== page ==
Icons live in the Resources folder, which houses the images and layout files associated with the Android project. First, let's change the existing icon. In the project, navigate to the Resources folder. Begin by deleting the existing Icon.png from the drawable folder. Then, right click on the drawable folder to select Add, and then Add Files:

Navigate to the unzipped xamarin_android_icons directory, and select the drawable folder:

In the popover, select the icon.png file we want to add:

In the resulting popover, select the option to Copy the file into the directory:

Android devices come in different screen sizes and resolutions. To account for this, it is a good practice to add icons of different resolutions to the Resources folder. Repeat the steps above, selecting the Add Existing Folder option, to add the remaining directories in xamarin_android_icons to the project:

Finally, we need to set the icon in the Android Manifest. To create the Manifest, double-click on the project to open the Project Options; then, select the Android Application panel. If a Manifest file does not exist, click on the button to automatically generate one:

To learn more about the Android Manifest, refer to the Xamarin Working with the Android Manifest guide

In the Manifest, set the Application Icon to @drawable/icon:

Creating String Resources

As we just mentioned, Android accesses resources in an unusual way. Android resources are managed under the Resources folder in the Solution Explorer. To make them accessible from code, generated Resource classes are updated for all resources that are included in the various Resources subfolders.

Let’s look at an example where we replace our hard-coded strings with string resources. Under the Resources > values folder, open the file named Strings.xml. This file includes the application’s string resources. Replace the contents of the file with the following code:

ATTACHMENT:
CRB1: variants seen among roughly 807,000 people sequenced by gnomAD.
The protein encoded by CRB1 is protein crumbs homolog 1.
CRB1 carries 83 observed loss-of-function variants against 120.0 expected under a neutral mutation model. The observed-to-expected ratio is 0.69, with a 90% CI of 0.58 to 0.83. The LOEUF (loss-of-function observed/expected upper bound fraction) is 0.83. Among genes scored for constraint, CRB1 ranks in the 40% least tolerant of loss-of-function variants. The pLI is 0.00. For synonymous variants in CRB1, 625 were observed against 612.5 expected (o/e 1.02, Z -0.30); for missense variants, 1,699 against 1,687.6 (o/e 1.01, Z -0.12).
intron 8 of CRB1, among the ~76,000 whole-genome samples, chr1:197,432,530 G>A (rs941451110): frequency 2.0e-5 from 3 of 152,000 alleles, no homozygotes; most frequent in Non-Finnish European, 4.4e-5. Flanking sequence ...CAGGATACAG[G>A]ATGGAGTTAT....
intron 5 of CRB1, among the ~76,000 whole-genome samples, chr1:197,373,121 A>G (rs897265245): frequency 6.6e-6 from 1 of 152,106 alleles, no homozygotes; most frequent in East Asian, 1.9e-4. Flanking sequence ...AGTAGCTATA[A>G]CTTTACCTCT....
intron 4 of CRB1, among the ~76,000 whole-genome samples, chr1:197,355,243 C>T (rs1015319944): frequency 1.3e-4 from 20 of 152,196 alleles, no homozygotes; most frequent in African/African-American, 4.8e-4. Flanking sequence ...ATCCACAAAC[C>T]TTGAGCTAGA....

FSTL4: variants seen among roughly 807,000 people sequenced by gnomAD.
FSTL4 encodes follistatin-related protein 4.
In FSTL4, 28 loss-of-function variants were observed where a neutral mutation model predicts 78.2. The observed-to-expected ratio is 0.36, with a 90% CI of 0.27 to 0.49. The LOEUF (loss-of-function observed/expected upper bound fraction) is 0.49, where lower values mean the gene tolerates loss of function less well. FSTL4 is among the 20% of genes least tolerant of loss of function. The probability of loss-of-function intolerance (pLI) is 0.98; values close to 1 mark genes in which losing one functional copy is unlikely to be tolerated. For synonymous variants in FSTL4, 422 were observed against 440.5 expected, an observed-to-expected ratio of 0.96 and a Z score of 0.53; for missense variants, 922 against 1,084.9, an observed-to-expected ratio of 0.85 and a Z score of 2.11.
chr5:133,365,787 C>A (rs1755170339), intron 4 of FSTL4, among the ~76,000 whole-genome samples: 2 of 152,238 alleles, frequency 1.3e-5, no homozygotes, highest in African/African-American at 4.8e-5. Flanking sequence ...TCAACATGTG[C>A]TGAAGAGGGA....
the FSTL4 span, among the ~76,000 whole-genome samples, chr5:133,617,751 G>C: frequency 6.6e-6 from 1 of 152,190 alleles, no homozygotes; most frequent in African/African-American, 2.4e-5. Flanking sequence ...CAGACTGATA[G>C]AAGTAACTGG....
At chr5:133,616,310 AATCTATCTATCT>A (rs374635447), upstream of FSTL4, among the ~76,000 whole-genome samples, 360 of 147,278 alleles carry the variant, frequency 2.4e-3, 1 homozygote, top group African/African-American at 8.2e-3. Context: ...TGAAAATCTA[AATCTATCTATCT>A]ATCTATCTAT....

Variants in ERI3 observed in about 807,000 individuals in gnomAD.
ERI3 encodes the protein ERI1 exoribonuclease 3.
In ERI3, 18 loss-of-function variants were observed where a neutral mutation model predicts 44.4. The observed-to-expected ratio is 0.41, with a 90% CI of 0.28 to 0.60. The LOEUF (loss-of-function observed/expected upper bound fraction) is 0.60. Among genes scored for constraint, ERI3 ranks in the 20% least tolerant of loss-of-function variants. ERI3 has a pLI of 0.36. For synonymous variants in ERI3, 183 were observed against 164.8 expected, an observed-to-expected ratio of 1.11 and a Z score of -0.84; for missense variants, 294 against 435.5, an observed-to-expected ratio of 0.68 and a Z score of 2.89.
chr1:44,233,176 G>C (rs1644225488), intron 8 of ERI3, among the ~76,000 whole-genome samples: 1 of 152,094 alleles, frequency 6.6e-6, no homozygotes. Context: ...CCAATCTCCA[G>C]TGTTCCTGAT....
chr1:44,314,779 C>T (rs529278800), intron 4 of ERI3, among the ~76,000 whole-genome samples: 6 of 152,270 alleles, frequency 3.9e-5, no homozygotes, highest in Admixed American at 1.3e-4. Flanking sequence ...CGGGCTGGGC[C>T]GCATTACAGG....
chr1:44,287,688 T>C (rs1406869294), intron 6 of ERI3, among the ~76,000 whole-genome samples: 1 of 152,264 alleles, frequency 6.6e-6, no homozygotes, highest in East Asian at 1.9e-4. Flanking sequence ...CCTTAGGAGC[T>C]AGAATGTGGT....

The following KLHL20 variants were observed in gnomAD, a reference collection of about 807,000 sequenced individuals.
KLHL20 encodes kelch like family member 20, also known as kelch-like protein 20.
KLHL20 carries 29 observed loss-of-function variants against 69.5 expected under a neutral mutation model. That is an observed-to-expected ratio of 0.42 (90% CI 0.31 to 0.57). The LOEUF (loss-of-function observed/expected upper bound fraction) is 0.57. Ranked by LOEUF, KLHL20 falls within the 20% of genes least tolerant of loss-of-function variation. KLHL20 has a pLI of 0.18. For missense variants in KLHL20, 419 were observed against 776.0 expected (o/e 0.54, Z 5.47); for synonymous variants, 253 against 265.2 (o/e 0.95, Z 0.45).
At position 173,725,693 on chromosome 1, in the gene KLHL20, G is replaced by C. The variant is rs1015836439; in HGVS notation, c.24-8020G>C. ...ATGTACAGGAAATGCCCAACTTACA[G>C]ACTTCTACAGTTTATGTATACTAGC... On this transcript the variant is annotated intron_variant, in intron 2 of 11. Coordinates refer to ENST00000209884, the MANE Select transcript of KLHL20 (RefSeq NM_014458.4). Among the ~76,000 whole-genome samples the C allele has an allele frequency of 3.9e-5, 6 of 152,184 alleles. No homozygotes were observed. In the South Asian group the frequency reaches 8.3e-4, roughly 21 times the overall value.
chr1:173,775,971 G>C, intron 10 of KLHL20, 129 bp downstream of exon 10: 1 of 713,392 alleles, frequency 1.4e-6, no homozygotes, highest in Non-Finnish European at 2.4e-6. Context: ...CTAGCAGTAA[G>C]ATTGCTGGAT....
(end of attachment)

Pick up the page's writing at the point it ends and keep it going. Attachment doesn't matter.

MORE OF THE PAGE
<?xml version="1.0" encoding="utf-8"?>
<resources>
    <string name="helloButtonText">Say Hello</string>
    <string name="helloLabelText">Hello Xamarin.Android</string>
</resources>

We defined two string resources in the XML above, one with the name helloButtonText and another named helloLabelText. Each of these contains a string value. When we include values like these in the Strings.xml file, the generated Resource class will update when we rebuild, giving us a mechanism to access the resources from code.

The Resource class is in the file Resource.designer.cs. As it is auto-generated, it should never be changed by hand. For the strings we just added, a nested class named Strings will be created in the Resource class. The integer fields in this class identify each string, as shown in the following code:

public partial class String
{
    // aapt resource value: 0x7f040000
    public const int helloButtonText = 2130968576;

    // aapt resource value: 0x7f040001
    public const int helloLabelText = 2130968577;

    private String()
    {
    }
}

To access the strings from code, we call the SetText method of the TextView and Button controls respectively, passing the appropriate resource id. For example, to set the TextView’s text, replace the line where we set the aLabel.Text property with a call to the SetText method like this:

aLabel.SetText(Resource.String.helloLabelText);

Likewise, to set the Button’s text, we call its SetText method:

aButton.SetText(Resource.String.helloButtonText);

When we run the application, the behavior is the same using either technique, only now we can easily manage the string values without needing to change them in code.

Resources also come into play when we use XML to declare our user interface, as we’ll see in the next section.

Creating the User Interface with XML

In addition to creating the user interface in code, Android supports a declarative, XML-based user interface system, similar to technologies such as XAML and HTML. Let’s modify our example to create the UI with XML.

Under the Resources > layout folder is a file called Main.axml. This file was automatically generated by Xamarin.Android when we created the project. Just like strings, Android will auto-generate a unique ID that allows us to reference the layout file in source code. The ID will have the name of the layout file and can be found in the nested class Resource.Layout. The following code snippet shows an example of the Layout class: